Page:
Big Improvement In London's Roadside Pollution, Says Report

By M@
Big Improvement In London's Roadside Pollution, Says Report
A sign saying EUSTNO2 ROAD
Image: Matt Brown

London is no longer the 'Big Smoke' if the latest stats on air quality are to be believed.

City Hall just published an update on pollution called Air Quality in London 2016-2024 and the numbers sound encouraging.

Average roadside NO2 levels dropped 49% between 2016 and 2023. This compares with a drop of 35% in the rest of England. Further, the number of monitoring sites exceeding the UK’s annual legal limit for NO2 has decreased from 56 to five in the same period. Our air quality still isn't great, but it is getting better.

The report certainly raises eyebrows in places. Average annual concentrations of NO2 in London were supposedly at their lowest on record for 2023... even lower than in the lockdown-laden days of 2020. That is quite astonishing, especially as the capital was reckoned to be the most congested city on the planet in one 2022 report.

The report points to the Mayor's pollution-cutting strategies as the main driver of change. Recent years have seen the electrification of many buses and taxis, further rollout of cycling infrastructure and other green initiatives.

But the most notable (and notorious) measure is the ULEZ expansion. Brought into full effect from August 2023, this imposes a charge on the most polluting vehicles, throughout Greater London. Earlier, more central iterations of the scheme appear to have cut pollution, but it's too early to say with confidence whether the extension will have a similar effect.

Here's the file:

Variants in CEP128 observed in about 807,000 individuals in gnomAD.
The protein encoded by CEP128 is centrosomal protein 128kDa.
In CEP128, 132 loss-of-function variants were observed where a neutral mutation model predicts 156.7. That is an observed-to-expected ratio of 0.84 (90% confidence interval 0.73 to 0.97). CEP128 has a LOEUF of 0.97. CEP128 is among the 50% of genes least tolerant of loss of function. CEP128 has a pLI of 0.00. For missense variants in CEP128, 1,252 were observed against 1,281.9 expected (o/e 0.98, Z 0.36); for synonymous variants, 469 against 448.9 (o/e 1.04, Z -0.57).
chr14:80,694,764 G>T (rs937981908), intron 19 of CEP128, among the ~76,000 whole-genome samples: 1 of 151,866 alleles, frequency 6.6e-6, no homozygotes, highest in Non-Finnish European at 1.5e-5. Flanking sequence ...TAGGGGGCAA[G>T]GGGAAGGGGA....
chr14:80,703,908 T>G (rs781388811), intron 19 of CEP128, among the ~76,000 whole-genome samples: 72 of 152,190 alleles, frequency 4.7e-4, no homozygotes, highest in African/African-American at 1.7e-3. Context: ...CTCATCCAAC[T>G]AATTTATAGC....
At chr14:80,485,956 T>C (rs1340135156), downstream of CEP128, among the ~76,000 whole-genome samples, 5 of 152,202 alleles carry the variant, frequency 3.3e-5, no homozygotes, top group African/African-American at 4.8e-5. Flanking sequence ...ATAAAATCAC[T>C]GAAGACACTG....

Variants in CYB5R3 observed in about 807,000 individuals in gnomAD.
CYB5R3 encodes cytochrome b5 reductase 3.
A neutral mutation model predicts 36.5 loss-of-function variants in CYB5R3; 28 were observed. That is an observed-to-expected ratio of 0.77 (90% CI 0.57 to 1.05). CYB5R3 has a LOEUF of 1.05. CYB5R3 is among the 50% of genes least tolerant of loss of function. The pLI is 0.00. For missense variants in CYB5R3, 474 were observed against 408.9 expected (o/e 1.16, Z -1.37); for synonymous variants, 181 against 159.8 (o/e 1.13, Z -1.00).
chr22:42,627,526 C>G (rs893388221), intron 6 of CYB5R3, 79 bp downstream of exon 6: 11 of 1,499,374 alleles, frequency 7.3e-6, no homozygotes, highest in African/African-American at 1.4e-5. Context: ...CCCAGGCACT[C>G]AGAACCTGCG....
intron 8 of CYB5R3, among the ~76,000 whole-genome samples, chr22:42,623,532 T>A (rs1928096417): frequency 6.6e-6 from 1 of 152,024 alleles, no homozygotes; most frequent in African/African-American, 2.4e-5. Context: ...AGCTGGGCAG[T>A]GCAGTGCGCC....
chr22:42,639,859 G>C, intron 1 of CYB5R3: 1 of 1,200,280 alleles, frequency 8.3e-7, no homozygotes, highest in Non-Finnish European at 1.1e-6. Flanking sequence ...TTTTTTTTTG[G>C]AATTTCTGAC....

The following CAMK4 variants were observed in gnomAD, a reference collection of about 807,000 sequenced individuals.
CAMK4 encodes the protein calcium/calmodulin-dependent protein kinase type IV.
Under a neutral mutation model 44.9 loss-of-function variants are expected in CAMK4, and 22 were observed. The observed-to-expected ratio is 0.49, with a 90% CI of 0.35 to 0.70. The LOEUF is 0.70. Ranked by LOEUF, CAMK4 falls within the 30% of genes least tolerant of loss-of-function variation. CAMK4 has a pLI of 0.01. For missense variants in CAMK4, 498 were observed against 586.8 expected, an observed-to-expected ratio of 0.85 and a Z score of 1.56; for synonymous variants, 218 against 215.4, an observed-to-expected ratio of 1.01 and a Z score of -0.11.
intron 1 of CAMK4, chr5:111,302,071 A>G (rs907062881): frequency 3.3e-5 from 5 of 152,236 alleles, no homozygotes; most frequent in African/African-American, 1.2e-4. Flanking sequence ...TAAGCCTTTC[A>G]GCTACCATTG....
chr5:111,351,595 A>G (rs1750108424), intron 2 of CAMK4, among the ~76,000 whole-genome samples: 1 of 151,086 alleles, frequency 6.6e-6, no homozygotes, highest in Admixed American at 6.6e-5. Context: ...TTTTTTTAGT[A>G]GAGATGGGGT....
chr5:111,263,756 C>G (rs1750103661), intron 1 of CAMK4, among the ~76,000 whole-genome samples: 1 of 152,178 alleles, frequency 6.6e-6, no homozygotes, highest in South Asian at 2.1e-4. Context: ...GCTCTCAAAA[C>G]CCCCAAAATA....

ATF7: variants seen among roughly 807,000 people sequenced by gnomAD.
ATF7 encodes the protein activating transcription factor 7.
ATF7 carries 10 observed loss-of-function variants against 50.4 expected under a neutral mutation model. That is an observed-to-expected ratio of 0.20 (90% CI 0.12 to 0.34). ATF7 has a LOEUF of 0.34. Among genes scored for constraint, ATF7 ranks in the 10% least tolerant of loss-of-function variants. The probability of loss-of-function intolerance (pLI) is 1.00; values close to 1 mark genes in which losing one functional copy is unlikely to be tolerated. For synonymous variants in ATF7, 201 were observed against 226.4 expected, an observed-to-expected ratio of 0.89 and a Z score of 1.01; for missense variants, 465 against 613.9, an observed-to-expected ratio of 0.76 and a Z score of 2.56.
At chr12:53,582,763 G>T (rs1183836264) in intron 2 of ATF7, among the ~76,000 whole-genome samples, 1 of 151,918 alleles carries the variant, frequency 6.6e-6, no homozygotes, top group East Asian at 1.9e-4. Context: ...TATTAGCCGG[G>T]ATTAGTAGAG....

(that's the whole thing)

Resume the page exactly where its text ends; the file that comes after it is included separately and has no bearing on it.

Two ULEZ signs
Image: Matt Brown

Improvements to air quality are, of course, all good to see. But a sceptical eye is also needed. The study was published by the Greater London Authority and Transport for London. An independent analysis would be nice. Convenient timing, too, with Khan up for re-election in May. It's perhaps telling that the words "Silvertown Tunnel" only appear once in the 68-page report, with no comment on the possible impact on local pollution from this upcoming motor crossing. Meanwhile, the Mayor's policies are described as "ambitious" some 17 times.

But credit where it's due. Silvertown aside, Khan's tenure has seen serious efforts to combat London's choky streets. He's just announced £5.3 million funding through the Mayor’s Air Quality Fund towards 17 borough-led projects that should further reduce pollution locally.

There's still much to do. Even with the reported drops, NO2 levels are still exceeding legal maximums all too often, and other pollutants such as carbon emissions and particulates from tyres still pose serious risks to health and environment.

Read the full report here (PDF).

Last Updated 12 March 2024